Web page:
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Edgar Allan Poe's Pie: Math Puzzlers in Classic Poems
     

Edgar Allan Poe's Pie: Math Puzzlers in Classic Poems

by J. Patrick Lewis, Michael Slack (Illustrator)
 

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Is this poetry? Math? A brainteaser? Yes! It’s all that and more. The poet J. Patrick Lewis
has reimagined classic poems—such as Edgar Allan Poe’s “The Raven” and Langston
Hughes’s “April Rain Song”—and added a dash of math. Between the silly parodies
and the wonderfully wacky art, kids will have so much

Overview

Is this poetry? Math? A brainteaser? Yes! It’s all that and more. The poet J. Patrick Lewis
has reimagined classic poems—such as Edgar Allan Poe’s “The Raven” and Langston
Hughes’s “April Rain Song”—and added a dash of math. Between the silly parodies
and the wonderfully wacky art, kids will have so much fun figuring out the puzzles,
they won’t guess they’re learning! Answers appear unobtrusively on each page, and
engaging information about the original poets is included. Math games and concepts,
poetry and poet biographies—it’s all so cleverly put together. This funny book is a
treat for fans of words and numbers alike.

Editorial Reviews

Abby McGanney Nolan
Accompanied by clever illustrations…these poems range from Whitmanesque rhapsodies…to further calculations concerning John Ciardi's sharp 1962 rhymes about shark teeth…The book is…a festival of math and mirth.
—The Washington Post
Publishers Weekly
Children’s poet laureate Lewis turns poems from Whitman, Frost, Lear, and more into story problems (poetry problems?) to comically absurd effect. Inspired by Dickinson, Lewis writes, “My book closed twice before its close—/ The two opposing pages/ That added up to 113—/ Were smudged around the edges—” and invites readers to supply the page numbers. Another poem is modeled after “The Termite” by Ogden Nash: “Some termite burrowed under rugs/ And found three hundred thirteen bugs./ If eighty-two plus fifteen snore,/ How many termites chew the floor?” Solutions appear upside-down. Slack’s bug-eyed caricatures are an exuberant complement to Lewis’s delightfully offbeat union of poetry and math. Ages 6–9. Agent: Ginger Knowlton, Curtis Brown. Illustrator’s agent: Lori Nowicki, Painted Words. (Apr.)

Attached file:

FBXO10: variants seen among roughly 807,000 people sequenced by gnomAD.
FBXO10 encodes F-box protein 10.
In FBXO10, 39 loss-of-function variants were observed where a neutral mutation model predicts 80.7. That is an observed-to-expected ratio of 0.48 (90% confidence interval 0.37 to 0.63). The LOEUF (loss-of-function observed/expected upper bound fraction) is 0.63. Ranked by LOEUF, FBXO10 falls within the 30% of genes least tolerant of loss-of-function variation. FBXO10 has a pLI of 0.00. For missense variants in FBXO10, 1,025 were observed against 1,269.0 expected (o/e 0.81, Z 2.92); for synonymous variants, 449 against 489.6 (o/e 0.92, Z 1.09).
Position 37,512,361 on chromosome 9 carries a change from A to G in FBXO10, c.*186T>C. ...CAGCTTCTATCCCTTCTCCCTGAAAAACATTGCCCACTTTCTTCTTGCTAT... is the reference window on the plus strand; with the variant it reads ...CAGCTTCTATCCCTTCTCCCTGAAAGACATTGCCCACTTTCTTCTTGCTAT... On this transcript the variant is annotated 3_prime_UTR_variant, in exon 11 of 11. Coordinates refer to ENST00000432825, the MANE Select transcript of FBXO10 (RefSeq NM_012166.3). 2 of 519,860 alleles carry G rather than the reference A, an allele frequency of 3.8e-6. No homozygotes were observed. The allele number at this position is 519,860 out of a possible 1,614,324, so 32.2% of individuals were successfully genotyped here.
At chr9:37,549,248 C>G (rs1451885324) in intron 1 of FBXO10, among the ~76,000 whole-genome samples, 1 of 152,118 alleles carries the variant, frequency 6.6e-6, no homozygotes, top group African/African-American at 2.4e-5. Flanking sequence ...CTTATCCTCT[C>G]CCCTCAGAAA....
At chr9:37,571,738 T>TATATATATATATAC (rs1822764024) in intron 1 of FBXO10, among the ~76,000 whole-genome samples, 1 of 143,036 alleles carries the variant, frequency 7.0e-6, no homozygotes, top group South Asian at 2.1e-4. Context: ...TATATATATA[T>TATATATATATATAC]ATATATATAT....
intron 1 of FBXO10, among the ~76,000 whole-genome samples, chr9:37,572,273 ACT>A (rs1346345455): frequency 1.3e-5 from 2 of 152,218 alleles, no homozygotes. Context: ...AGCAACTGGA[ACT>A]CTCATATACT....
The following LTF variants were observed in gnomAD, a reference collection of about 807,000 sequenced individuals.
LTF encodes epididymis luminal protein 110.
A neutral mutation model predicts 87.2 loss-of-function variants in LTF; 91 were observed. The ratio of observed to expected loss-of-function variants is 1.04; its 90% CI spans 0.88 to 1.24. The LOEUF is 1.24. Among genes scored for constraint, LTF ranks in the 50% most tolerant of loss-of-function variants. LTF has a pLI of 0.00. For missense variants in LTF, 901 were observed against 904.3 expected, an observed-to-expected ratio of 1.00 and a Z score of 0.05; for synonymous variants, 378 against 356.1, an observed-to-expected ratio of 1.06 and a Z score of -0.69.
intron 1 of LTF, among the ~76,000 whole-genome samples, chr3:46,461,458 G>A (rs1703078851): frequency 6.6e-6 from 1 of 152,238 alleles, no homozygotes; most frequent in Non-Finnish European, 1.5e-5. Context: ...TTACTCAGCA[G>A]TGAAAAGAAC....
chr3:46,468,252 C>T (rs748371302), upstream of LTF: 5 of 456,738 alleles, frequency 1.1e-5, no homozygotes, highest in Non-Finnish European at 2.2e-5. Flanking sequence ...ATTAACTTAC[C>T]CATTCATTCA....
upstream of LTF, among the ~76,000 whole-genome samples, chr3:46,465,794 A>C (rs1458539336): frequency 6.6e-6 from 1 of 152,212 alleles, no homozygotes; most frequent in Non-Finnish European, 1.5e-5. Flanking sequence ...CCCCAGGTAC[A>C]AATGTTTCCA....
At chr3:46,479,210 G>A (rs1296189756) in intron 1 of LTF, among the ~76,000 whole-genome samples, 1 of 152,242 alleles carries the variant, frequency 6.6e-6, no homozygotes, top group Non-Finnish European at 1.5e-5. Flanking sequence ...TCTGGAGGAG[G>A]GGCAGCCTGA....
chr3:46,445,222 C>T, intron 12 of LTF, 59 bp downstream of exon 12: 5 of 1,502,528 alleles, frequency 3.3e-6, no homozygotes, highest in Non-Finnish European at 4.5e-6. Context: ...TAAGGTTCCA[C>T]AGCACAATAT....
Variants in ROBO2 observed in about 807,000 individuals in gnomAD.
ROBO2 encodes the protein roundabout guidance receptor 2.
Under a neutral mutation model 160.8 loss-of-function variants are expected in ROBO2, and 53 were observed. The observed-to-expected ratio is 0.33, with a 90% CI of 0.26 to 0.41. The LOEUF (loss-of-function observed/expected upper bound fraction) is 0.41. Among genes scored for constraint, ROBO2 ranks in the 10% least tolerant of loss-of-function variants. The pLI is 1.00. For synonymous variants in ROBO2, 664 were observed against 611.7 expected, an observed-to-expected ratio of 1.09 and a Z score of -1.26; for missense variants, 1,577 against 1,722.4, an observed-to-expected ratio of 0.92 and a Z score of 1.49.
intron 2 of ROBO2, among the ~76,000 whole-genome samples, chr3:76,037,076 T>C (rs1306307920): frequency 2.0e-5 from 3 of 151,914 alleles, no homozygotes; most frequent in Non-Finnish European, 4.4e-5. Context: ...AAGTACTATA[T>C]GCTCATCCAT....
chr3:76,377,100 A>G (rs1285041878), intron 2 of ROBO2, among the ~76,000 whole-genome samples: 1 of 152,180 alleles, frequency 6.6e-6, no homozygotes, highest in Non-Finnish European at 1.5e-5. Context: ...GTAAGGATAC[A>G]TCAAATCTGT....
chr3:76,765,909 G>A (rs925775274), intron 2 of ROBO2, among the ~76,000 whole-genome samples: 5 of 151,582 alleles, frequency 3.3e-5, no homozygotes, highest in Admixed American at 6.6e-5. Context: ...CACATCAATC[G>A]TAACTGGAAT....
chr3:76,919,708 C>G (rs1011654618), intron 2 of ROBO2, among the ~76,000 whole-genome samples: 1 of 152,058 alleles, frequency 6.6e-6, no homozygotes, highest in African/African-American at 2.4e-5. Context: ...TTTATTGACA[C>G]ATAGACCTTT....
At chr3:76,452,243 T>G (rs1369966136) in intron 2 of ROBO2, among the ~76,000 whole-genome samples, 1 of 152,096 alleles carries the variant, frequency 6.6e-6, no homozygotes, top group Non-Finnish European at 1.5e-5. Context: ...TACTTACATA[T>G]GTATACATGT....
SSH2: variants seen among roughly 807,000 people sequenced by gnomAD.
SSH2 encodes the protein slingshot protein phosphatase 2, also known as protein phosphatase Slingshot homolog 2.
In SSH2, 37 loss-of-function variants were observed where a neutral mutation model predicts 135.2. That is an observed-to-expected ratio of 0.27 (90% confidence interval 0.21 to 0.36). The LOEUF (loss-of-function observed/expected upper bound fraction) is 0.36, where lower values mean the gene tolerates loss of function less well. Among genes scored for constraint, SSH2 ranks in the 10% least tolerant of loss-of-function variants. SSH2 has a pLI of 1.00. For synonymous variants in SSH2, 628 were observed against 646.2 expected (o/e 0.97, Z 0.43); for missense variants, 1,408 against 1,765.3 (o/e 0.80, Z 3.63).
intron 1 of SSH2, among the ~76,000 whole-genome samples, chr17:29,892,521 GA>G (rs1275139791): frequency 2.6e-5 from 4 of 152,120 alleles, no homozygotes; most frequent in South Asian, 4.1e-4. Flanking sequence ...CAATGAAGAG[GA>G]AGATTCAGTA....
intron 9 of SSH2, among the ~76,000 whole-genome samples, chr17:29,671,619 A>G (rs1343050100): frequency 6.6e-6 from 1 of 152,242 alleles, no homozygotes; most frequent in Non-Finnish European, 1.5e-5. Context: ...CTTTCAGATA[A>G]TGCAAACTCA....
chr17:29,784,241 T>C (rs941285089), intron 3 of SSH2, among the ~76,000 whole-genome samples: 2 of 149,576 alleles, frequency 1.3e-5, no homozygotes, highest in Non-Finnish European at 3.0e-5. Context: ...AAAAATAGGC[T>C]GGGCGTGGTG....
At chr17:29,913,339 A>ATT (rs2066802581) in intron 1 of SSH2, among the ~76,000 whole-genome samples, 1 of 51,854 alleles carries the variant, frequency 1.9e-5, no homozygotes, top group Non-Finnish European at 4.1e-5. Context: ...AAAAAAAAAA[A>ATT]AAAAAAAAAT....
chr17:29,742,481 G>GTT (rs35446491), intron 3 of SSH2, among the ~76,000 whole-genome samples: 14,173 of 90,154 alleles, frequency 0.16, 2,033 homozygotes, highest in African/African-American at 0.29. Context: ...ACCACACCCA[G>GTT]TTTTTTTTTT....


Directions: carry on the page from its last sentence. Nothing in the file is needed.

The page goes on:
From the Publisher

"Lewis cleverly combines math and language arts with this collection of humorous poetry parodies that present readers with math word problems to solve."--Kirkus

"Teachers and parents might challenge youngsters to try solving the math problems, then introduce them to the classic poems by reading them together."--School Library Journal

"Slack's bug-eyed caricatures are an exuberant complement to Lewis's delightfully offbeat union of poetry and math."--Publishers Weekly, starred review

"This book could come in handy for a variety of different classroom purposes."--Booklist

Children's Literature - Phyllis Kennemer
These parodies of classic poems will prove intriguing for both poetry lovers and math enthusiasts. Fifteen poems have been rewritten to include math puzzles. "Edgar Allan Poe's Apple Pie" begins "Once upon a midnight rotten,/Cold, and rainy, I'd forgotten/All about the apple pie." The question is how many cuts to give ten pieces. "Edward Lear's Elephant with Hot Dog" challenges the reader to order half of a third of a quarter of an eighty-foot bun. Poems from Walt Whitman, Emily Dickinson, Lewis Carroll, Hilaire Belloc, Robert Frost, Eleanor Farjeon, A. A. Milne, Ogden Nash, Langston Hughes, and others are included. Fortunately, the answers to the math puzzles appear (upside down) on the page facing each poem. Colorful, cartoonlike illustrations add to the humor. The last two pages present a picture (also cartoonlike) and a short biography for each featured poet. Language arts and math teachers will enjoy using this book with students. Reviewer: Phyllis Kennemer, Ph.D.